Although by most accounts an embarrassment, I like the fact that this comedy’s lead character, ultra-nerdy inventor-without-a-budget Darryl Walker (played by Damon Wayans in full-throttle geek mode) has what I consider to be by far the best-ever motivation to become a costumed superhero: Darryl’s read enough comic books to think it’s a cool and lofty goal. Additionally, I dig the casting of Jason Alexander as the publisher of a particularly lowbrow tabloid newspaper (remember them?) and Jon Polito as an obnoxious-but-deadly mobster. Also, don’t miss Blankman’s hilariously shoddy R2D2-esque robot assistant, J-5 (as in “Jackson Five”). And finally, the story builds to a fight scene that’s a clever parody of similar sequences in ABC’s Batman TV series. And speaking of which…
NO. 12: Batman: The Movie (1966)
Essentially a bigger-budget, all-star feature length version of ABC’s Batman TV series, Batman (as it was originally titled; “The Movie” was added for the DVD and Blu-Ray editions) was made to exploit the phenomenal national response to the first season of the TV show. Although the iconic presence of Julie Newmar’s Catwoman is missing (The Time Tunnel’s Lee Merriweather attempts to fill the role here), the art direction, the costumes, the set design and the animated sound effects are all here, making Batman: The Movie one of the two feature films to most successfully capture the look of a Silver Age comic book. (The other one’s the movie based on Topps’ infamous set of trading cards, Mars Attacks, directed by Tim Burton.) For decades after viewing Batman during its theatrical release, I was ambivalent about the campy approach of this Leslie H. Martinson-directed film, which is even more comedic than the TV series it’s based upon, but after my son Kirby wore out two VHS tapes of Batman while watching them back when he was a little, how can I help but love it? (My second-hand affection for this movie even accidentally led to my contributing an interview to the exclusive bonus material for Batman: The Movie’s Blu-Ray disc conducted in the wake of doing the same for a DVD set of the first season of Hanna-Barbera’s Richie Rich cartoon series, upon which I worked as a layout supervisor!) Yo ho!
NO. 11: Adventures of Captain Marvel (1941)
According to the FF’s co-creator Smilin’ Stan Lee, this extremely low-budget movie was never intended to be released, a fact unknown to its crew and cast. Apparently, it was made (but as planned, never released) only because Germany’s Constantin Film Produktion – the studio that then owned the rights to make a Fantastic Four movie – would have lost that opportunity if it did not begin production by a certain date. Whatever the circumstances, this film’s cheesy production values actually work in its favor, tying it to the cheapie sci-fi and monster movies of the 1950s, an obvious source of inspiration to Smilin’ Stan and Fantastic Four co-creator Jack Kirby in the stirrings of the Marvel universe. Check out some of the covers for the early issues of Fantastic Four funnybooks; it’s no accident that they greatly resemble the posters for such then-recent drive-in movie fare like Invasion of the Saucer Men, It! The Terror From Beyond Space, War of the Colossal Beast and their ilk!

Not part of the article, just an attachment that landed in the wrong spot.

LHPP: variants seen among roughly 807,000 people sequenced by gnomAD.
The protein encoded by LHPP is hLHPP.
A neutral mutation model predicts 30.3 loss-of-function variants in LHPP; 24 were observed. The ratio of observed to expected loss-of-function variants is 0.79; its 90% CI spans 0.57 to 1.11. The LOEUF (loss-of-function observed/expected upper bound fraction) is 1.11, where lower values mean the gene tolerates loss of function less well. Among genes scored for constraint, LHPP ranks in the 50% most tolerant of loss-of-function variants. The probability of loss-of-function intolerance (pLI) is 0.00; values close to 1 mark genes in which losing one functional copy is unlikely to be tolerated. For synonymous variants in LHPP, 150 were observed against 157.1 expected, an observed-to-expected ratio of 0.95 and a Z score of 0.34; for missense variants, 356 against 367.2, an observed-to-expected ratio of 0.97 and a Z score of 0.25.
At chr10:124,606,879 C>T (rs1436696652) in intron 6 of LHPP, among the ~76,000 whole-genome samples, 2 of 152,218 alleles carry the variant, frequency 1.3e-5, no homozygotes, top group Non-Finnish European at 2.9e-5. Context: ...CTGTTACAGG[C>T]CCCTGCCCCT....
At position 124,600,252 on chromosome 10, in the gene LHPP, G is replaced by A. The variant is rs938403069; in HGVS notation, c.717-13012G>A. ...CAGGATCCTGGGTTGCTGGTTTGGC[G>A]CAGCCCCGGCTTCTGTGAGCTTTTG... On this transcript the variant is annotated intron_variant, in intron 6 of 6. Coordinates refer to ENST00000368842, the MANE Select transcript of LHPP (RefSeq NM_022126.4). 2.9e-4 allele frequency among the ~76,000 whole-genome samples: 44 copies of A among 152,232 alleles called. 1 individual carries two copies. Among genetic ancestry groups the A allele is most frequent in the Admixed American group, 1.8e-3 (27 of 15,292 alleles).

NO. 9: The Phantom (1996)
This high-quality production amply demonstrates that it’s not at all necessary to “camp it up” in a superhero film; if you successfully (and faithfully) translate a comic book property – or, in this case a comic strip property, although cartoonist Lee Falk’s Phantom has starred in hundreds of comic books here and especially abroad – the tone of happy adventure should come across as being just campy enough. (Although in this case, Treat Williams does portray The Phantom’s gleeful villain by chewing its gorgeous scenery non-stop.) But the very best thing about The Phantom is how it begins, with a five-minutes-or-less intro that begins with “For those who came in late…”, immediately recapping the purple-clad jungle hero’s back-story, his generational history and his mission statement… and that’s all the secret origin that the film’s Australian director Simon Wincer felt the audience needed! How frickin’ refreshing is that?!? And since the Phantom (although American in origin) has been Australia’s Number One favorite comic character for decades, it becomes immediately obvious that Mr. Wincer digs the character – nicely played by Billy Zane – as much or more than his fellow Aussies. And The Phantom gets extra points for including the great Patrick McGoohan (Secret Agent; The Prisoner) in its cast as the Phantom’s ghostly father!